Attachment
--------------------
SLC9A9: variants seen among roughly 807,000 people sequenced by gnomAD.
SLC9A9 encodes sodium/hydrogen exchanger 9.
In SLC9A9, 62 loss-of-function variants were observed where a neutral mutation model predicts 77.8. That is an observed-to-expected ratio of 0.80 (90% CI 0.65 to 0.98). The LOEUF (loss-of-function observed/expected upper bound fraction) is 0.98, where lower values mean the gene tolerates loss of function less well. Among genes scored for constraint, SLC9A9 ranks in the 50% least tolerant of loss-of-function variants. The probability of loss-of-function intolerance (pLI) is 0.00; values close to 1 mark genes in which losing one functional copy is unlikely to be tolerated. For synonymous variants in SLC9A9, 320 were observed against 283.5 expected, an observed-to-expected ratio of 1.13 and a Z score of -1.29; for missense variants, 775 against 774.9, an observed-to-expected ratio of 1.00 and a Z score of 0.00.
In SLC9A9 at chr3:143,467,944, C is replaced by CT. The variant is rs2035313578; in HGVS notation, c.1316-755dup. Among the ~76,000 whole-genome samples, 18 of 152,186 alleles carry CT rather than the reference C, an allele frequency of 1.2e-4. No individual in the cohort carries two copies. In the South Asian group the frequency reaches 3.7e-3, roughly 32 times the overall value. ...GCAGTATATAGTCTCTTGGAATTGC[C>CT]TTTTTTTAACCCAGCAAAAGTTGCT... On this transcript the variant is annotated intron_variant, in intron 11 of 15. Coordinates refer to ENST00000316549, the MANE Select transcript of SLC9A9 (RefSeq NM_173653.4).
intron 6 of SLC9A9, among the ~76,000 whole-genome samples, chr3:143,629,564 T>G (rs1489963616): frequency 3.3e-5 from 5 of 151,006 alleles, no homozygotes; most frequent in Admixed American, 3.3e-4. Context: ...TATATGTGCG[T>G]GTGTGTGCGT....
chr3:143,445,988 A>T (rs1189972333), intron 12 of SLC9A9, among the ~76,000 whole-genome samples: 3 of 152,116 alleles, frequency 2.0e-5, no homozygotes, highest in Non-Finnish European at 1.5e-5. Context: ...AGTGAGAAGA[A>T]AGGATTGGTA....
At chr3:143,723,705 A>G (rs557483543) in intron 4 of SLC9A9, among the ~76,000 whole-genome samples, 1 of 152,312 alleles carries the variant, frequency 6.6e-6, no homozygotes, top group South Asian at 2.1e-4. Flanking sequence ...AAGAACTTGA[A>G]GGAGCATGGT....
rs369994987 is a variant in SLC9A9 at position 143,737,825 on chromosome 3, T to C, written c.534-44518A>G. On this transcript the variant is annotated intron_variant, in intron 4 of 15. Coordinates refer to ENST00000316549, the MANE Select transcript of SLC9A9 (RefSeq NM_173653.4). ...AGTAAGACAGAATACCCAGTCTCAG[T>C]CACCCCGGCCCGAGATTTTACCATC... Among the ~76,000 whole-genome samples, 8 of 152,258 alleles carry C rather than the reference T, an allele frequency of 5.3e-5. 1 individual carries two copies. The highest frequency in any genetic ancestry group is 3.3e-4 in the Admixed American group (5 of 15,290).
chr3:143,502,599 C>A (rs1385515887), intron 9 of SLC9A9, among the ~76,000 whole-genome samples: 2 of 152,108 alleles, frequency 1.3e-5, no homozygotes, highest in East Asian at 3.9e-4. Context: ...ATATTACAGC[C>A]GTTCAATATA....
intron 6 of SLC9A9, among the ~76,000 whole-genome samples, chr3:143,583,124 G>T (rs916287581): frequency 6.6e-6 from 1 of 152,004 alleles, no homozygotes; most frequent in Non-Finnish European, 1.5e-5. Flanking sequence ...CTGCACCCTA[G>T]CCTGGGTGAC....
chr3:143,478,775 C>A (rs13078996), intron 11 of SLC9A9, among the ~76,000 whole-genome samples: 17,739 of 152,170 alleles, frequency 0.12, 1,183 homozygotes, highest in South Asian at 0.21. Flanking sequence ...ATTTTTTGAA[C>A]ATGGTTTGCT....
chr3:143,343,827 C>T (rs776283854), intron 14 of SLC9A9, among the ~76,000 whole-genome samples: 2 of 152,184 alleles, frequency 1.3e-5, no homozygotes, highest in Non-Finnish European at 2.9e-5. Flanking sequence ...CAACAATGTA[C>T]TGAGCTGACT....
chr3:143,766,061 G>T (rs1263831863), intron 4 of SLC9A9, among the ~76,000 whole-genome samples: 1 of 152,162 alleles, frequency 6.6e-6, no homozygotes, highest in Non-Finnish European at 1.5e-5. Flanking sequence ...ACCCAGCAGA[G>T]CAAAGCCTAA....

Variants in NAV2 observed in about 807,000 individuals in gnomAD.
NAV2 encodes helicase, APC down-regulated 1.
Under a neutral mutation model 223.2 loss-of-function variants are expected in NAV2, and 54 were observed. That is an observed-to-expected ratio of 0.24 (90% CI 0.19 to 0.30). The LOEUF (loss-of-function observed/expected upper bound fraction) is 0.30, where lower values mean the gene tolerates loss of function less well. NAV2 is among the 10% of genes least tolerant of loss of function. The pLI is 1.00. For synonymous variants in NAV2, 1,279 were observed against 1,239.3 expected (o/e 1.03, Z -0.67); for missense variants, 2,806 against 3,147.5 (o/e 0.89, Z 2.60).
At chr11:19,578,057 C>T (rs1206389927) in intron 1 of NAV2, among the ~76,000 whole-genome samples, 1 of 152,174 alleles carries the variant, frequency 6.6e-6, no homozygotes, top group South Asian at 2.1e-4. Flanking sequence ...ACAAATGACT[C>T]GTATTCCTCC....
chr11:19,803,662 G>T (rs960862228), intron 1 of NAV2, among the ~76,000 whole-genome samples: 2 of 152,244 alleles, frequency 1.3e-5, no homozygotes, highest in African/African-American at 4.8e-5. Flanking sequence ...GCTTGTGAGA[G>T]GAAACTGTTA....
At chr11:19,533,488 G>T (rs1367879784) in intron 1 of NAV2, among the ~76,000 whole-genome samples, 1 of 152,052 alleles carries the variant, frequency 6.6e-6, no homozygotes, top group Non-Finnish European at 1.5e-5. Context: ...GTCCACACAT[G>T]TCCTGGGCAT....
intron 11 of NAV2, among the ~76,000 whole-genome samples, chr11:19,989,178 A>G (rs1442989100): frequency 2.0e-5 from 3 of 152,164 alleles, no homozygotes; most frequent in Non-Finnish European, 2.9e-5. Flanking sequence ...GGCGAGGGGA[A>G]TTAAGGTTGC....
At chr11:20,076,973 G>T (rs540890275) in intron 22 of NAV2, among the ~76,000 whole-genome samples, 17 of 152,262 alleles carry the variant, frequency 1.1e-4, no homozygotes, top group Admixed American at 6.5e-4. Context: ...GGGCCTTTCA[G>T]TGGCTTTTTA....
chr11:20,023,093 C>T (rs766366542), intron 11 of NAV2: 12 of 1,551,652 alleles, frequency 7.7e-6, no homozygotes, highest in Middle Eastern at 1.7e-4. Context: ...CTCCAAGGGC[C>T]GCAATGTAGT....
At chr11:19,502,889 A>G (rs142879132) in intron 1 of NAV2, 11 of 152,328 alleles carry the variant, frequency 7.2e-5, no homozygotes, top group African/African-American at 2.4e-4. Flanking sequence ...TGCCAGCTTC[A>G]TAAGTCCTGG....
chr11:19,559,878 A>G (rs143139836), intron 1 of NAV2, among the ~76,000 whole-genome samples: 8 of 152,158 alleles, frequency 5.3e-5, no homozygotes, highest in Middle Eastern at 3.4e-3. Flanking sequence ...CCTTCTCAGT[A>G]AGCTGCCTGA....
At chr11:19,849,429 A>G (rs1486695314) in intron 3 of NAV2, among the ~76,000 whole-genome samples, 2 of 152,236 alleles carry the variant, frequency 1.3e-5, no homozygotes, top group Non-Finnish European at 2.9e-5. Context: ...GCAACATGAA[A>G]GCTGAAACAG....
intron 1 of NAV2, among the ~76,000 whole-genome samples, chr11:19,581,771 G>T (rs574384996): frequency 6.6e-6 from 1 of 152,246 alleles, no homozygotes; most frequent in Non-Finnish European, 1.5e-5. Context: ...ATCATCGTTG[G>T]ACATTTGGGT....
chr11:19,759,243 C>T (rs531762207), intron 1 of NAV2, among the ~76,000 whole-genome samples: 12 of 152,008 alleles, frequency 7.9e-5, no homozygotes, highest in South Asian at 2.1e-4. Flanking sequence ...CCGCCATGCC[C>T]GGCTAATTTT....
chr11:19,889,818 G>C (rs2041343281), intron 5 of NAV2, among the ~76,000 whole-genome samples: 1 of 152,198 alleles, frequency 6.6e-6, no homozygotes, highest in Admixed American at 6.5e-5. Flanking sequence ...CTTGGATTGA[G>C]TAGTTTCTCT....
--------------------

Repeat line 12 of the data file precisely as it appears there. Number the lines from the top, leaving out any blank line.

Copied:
chr3:143,343,827 C>T (rs776283854), intron 14 of SLC9A9, among the ~76,000 whole-genome samples: 2 of 152,184 alleles, frequency 1.3e-5, no homozygotes, highest in Non-Finnish European at 2.9e-5. Flanking sequence ...CAACAATGTA[C>T]TGAGCTGACT....